Efficacy of the extended-release IM formulation of risperidone (Risperdal Consta) in the treatment of schizophrenia in adults was established, in part, based on extrapolation of efficacy data from oral risperidone. In addition, efficacy of extended-release IM risperidone was established in a multicenter, placebo-controlled study of 12 weeks' duration in adult inpatients and outpatients who met DSM-IV criteria for schizophrenia. During the 1-week run-in period of this study, other oral antipsychotic agents were discontinued and all patients received oral risperidone therapy (initially, 2 mg daily and titrated up to 4 mg daily for at least 3 days). During the 12-week, double-blind phase, patients were randomized to receive IM injections of 25, 50, or 75 mg of extended-release risperidone or placebo every 2 weeks. Patients receiving extended-release IM injections of risperidone were also given oral risperidone (2 mg daily in the 25-mg group, 4 mg in the 50-mg group, and 6 mg in the 75-mg group) for 3 weeks following the first injection to provide therapeutic plasma concentrations of the drug until the main release phase of risperidone from the IM injection site had begun; patients who received placebo injections were given placebo tablets. The primary efficacy measure in this study was the change in total PANSS score from baseline to end point. Total PANSS scores demonstrated substantially greater improvement in the patients treated with each of the 3 IM dosages of extended-release risperidone (25, 50, and 75 mg every 2 weeks) compared with patients receiving placebo. Although there were no significant differences in treatment effects between the 3 dosage groups, the effect size for the 75-mg group was numerically less than that of the 50-mg group. Subgroup analyses did not reveal any differences in treatment outcomes based on age, race, or gender.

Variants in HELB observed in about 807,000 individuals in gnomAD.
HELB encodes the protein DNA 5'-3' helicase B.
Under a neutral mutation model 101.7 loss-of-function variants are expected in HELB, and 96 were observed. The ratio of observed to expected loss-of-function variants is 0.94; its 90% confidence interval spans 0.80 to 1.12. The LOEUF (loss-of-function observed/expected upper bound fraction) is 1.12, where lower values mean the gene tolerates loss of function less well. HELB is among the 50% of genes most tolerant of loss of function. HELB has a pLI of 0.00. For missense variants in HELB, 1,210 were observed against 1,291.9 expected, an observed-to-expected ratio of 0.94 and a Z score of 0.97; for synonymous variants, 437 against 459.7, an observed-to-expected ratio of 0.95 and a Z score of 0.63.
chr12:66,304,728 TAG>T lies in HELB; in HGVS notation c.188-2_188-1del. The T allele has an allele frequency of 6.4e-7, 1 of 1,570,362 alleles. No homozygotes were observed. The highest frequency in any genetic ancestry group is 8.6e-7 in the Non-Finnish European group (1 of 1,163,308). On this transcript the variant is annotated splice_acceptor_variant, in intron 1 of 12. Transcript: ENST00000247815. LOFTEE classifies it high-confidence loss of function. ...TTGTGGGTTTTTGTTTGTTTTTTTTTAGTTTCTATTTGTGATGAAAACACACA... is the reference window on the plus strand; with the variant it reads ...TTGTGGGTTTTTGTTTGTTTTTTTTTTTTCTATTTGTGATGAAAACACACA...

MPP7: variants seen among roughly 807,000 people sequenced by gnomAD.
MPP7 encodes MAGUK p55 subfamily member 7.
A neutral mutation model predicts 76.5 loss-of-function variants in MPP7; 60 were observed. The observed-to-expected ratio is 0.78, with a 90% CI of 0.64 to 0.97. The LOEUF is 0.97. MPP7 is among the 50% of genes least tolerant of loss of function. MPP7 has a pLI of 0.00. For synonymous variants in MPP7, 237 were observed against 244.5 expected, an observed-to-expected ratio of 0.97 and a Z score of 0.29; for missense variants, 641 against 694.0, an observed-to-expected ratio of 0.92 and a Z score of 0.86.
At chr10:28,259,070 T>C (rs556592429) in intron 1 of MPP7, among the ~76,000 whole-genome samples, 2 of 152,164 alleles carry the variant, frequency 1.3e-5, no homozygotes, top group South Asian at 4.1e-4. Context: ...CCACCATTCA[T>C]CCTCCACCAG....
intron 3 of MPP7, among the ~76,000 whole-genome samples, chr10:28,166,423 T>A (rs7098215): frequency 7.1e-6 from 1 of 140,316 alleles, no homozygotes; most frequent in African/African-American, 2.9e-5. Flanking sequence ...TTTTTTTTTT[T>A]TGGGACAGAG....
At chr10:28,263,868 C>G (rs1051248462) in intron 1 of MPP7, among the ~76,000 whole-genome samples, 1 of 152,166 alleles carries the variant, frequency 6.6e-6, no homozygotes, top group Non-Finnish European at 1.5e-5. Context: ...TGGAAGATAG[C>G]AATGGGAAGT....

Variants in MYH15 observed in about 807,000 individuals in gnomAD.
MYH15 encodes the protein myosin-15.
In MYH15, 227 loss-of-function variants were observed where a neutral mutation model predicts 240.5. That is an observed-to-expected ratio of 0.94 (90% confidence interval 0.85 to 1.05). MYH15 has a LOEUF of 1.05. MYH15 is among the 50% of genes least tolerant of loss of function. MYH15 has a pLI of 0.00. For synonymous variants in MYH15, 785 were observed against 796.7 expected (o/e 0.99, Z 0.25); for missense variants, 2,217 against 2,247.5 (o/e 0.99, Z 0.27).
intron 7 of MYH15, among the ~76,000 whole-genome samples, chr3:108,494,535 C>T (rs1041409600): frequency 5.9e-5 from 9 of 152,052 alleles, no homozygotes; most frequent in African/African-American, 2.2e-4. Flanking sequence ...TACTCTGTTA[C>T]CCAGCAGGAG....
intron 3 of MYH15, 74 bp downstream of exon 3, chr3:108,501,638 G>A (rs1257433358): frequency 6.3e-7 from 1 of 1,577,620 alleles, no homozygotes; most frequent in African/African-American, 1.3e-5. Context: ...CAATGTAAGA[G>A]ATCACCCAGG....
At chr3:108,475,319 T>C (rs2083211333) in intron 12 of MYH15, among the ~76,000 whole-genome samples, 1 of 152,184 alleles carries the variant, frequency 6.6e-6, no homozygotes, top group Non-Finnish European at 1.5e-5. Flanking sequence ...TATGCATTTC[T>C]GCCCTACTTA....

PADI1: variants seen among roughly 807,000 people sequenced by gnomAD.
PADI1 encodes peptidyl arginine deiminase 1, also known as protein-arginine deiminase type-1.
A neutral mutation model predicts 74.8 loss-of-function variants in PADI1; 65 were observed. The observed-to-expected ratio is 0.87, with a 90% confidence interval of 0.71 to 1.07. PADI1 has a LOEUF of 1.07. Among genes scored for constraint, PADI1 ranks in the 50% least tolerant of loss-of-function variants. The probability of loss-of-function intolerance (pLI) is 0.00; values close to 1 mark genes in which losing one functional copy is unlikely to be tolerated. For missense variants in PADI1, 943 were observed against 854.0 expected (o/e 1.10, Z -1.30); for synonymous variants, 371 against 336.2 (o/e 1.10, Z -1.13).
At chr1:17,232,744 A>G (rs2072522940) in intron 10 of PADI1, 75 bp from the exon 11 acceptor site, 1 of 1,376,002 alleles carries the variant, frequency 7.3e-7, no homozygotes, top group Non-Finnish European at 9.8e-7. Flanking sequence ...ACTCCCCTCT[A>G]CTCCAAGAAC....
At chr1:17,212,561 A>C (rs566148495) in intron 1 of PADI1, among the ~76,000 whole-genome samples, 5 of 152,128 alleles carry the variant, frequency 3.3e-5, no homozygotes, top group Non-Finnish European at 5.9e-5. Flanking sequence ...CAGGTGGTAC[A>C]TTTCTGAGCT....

Efficacy of extended-release IM risperidone in the treatment of schizophrenia has not been evaluated in controlled clinical trials for longer than 12 weeks; however, oral risperidone has been shown to be effective in delaying time to relapse with longer-term use. If the extended-release IM injection of risperidone is used for extended periods, the long-term risks and benefits of the drug should be reassessed periodically on an individualized basis.